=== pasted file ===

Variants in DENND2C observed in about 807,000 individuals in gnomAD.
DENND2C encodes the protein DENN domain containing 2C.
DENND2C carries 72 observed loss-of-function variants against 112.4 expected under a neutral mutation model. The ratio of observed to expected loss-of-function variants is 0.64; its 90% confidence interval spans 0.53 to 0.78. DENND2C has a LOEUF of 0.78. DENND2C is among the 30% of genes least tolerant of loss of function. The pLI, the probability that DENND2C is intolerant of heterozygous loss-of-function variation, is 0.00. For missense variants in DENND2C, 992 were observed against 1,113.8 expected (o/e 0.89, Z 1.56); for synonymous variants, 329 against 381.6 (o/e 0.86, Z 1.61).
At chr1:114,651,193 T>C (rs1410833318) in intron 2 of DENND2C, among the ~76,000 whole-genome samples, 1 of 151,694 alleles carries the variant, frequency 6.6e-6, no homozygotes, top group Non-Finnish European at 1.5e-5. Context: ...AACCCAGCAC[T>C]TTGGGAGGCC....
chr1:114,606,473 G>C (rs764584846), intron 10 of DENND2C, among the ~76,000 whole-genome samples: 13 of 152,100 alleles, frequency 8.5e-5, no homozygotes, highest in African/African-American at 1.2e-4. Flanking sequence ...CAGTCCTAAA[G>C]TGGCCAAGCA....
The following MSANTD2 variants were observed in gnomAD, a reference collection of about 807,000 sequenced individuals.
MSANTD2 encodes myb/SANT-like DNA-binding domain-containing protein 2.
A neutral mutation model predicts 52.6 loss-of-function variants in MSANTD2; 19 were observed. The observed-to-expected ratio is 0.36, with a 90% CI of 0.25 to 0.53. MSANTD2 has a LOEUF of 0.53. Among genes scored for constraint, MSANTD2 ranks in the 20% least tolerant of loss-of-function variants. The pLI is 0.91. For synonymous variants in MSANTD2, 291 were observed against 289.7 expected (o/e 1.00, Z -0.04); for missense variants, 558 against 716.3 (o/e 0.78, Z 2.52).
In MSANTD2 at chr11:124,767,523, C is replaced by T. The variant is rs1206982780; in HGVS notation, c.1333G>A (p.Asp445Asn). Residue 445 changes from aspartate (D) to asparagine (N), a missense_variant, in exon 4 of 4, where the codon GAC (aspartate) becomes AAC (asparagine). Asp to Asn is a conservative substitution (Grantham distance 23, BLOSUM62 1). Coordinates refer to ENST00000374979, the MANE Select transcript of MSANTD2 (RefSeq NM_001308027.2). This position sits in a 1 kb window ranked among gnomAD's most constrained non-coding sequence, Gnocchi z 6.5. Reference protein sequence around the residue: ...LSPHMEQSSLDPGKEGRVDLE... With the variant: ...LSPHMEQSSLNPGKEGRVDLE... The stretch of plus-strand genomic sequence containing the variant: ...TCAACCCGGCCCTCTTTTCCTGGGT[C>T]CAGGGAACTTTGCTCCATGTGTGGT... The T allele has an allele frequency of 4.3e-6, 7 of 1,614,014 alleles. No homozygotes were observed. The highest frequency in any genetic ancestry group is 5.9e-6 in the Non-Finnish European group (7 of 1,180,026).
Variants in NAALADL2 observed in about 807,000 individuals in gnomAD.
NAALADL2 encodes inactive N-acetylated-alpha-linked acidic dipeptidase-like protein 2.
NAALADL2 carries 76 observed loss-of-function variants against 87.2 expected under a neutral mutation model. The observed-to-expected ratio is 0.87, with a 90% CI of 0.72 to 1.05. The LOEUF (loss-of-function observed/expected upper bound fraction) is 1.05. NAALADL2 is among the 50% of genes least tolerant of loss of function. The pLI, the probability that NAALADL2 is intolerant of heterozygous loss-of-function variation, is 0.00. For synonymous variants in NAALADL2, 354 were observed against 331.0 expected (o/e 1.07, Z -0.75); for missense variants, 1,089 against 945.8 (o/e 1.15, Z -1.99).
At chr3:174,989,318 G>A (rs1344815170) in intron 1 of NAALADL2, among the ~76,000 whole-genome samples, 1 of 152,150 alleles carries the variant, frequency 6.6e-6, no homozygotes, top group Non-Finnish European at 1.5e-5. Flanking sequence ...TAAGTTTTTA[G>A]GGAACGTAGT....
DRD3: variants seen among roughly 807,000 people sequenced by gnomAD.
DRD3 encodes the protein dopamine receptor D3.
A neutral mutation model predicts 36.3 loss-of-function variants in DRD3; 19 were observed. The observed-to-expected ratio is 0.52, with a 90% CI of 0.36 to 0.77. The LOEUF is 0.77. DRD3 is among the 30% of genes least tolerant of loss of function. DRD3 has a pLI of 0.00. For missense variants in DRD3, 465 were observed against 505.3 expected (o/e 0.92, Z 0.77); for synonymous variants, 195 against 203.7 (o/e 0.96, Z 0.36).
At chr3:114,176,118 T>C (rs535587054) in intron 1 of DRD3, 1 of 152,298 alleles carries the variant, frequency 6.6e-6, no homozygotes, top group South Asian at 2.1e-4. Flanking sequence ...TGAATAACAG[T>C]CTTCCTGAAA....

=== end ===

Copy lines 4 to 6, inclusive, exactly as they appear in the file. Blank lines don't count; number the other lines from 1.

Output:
At chr1:114,651,193 T>C (rs1410833318) in intron 2 of DENND2C, among the ~76,000 whole-genome samples, 1 of 151,694 alleles carries the variant, frequency 6.6e-6, no homozygotes, top group Non-Finnish European at 1.5e-5. Context: ...AACCCAGCAC[T>C]TTGGGAGGCC....
chr1:114,606,473 G>C (rs764584846), intron 10 of DENND2C, among the ~76,000 whole-genome samples: 13 of 152,100 alleles, frequency 8.5e-5, no homozygotes, highest in African/African-American at 1.2e-4. Flanking sequence ...CAGTCCTAAA[G>C]TGGCCAAGCA....
The following MSANTD2 variants were observed in gnomAD, a reference collection of about 807,000 sequenced individuals.